Expand Foreclosure Mitigation Counseling. Just as pre-purchase homeownership counseling works for prospective homebuyers, we need to expand National Foreclosure Mitigation Counseling programs to help underwater homeowners. Studies have shown that underwater homeowners who receive counselling are far more likely to cure a serious delinquency or foreclosure, and stay current after obtaining a cure. The best solution is to keep homeowners in their homes.
We have made some important strides toward reducing homelessness, but it is a national disgrace that on a given night, almost 565,000 people are homeless in the United States. It is especially distressing that so many are children living in families.
Just as we must build more housing that is affordable to low income renters, we must reinvigorate our homeless assistance programs. Recognizing that one size does not fit all, we must address the unique housing needs of homeless veterans, victims of domestic abuse, and runaway and homeless youth. We must address family homelessness through rapid re-housing where families are quickly connected with permanent housing and their lives returned to relative stability. We must explore new ways to address the more than 83,000 chronically homeless individuals with policies that provide permanent supportive housing first.
And we must address the underlying economic conditions that lead to homelessness, including the fact that a disproportionate number of homeless families are headed by single women.
Sen. Sanders will fight to:
Prevent Homelessness and Reduce Recidivism. Sen. Sanders strongly supports efforts to house people coming out of prison. In November, he announced a pilot program to reduce recidivism and prevent homelessness by making sure former inmates do not cycle between the criminal justice and homeless service systems. This is a good investment in people leaving prison, and a smart way to prevent homelessness.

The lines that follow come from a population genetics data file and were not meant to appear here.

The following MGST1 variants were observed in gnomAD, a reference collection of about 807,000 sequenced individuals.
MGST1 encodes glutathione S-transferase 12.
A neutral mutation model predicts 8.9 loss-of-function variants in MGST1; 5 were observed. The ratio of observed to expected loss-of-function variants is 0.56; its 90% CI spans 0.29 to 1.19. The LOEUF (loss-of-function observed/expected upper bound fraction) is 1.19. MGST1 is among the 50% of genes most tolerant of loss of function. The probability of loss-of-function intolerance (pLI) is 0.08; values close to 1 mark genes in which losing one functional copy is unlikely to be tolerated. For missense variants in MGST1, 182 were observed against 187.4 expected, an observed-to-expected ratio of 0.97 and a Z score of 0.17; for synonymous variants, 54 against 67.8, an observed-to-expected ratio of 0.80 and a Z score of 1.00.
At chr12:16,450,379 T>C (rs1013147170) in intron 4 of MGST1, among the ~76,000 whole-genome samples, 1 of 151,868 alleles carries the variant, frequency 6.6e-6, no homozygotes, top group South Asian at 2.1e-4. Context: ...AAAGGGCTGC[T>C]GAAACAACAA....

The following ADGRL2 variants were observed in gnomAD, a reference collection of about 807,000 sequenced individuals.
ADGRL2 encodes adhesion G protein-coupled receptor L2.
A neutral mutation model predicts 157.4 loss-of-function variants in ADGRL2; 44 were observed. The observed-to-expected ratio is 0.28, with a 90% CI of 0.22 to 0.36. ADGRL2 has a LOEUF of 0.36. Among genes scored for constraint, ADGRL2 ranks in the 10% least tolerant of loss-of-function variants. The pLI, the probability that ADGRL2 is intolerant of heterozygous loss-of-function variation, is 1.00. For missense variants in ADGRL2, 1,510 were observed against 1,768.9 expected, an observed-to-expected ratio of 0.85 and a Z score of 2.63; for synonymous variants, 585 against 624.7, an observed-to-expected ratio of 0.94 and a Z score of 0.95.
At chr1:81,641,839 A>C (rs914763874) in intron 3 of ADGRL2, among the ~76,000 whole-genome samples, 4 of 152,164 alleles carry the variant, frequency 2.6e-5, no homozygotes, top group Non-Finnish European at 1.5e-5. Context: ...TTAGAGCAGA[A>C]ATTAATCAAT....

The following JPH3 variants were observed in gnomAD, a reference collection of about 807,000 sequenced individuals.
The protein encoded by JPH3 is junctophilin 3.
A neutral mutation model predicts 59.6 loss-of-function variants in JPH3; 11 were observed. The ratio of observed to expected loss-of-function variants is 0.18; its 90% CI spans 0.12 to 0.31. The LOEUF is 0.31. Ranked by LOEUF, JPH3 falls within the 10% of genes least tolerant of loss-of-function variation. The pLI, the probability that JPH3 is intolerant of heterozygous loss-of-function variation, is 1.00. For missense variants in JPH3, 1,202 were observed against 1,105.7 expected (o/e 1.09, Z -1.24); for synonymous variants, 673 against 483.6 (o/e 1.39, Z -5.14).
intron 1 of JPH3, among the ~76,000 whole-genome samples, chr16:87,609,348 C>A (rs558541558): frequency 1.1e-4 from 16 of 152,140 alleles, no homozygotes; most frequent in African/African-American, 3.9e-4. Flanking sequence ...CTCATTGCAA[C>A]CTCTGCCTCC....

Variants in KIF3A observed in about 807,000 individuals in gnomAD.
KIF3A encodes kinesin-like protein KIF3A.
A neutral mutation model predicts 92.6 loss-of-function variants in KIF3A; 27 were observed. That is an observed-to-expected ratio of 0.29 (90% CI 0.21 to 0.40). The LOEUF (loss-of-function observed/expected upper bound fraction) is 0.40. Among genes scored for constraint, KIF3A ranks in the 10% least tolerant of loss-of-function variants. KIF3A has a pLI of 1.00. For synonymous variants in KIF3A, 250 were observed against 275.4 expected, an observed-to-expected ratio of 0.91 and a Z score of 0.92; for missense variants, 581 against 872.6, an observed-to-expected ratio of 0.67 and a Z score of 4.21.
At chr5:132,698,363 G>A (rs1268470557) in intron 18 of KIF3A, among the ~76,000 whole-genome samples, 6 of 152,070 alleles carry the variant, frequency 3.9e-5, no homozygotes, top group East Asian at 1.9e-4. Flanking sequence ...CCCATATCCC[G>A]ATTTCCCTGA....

End Chronic Homelessness. Sen. Sanders will fight for sufficient funding to end chronic homelessness.
Getting lead out of our homes
In 2012, the Centers for Disease Control lowered its blood lead threshold for children from 10 to 5 micrograms per deciliter of blood, after research showed that even minute lead levels can significantly impact a child’s brain development and result in behavioral problems and learning disabilities. The CDC estimates that 535,000 American children under six years of age are affected by lead poisoning. This preventable tragedy traps families in poverty and robs children of their opportunity to succeed.
Sen. Sanders will fight to:
Make HUD-assisted housing lead-free. Sen. Sanders recently joined several colleagues in urging HUD Secretary Julian Castro to do more to prevent lead poisoning in HUD assisted housing. Not only has HUD failed to adopt the new CDC threshold for purposes of requiring landlords to mitigate lead in apartments with children, but HUD has not updated its blood lead level standard since 1999. In fact, HUD allows children’s blood lead levels to be three to four times higher than the new CDC standard before it requires landlords to abate lead. That is unacceptable.
Addressing Housing and Environmental Justice
Homes are not just places to live, they are the building blocks of our communities. Yet, some communities – usually low-income and communities of color – experience a daily assault on their health and environment. They are the hardest hit by air and water pollution from industrial factories, power plants, incinerators, chemical waste and lead contamination from old pipes and paint.
Black children are five times more likely to have lead poisoning. Low-income Latino immigrants are more likely to live in areas with high levels of hazardous air pollution than anyone else; the odds of a Latino immigrant neighborhood being located in an area of high toxic pollution is one in three. At the same time, communities of color lack access to parks, gardens and other recreational green space.
In addition to building homes, we must build communities. Federal agencies must develop and implement clear, strategic plans to achieve environmental justice and provide targeted action where the needs are greatest. Sen. Sanders will work to ensure that all Americans are able to live in safe, secure, healthy, and affordable housing.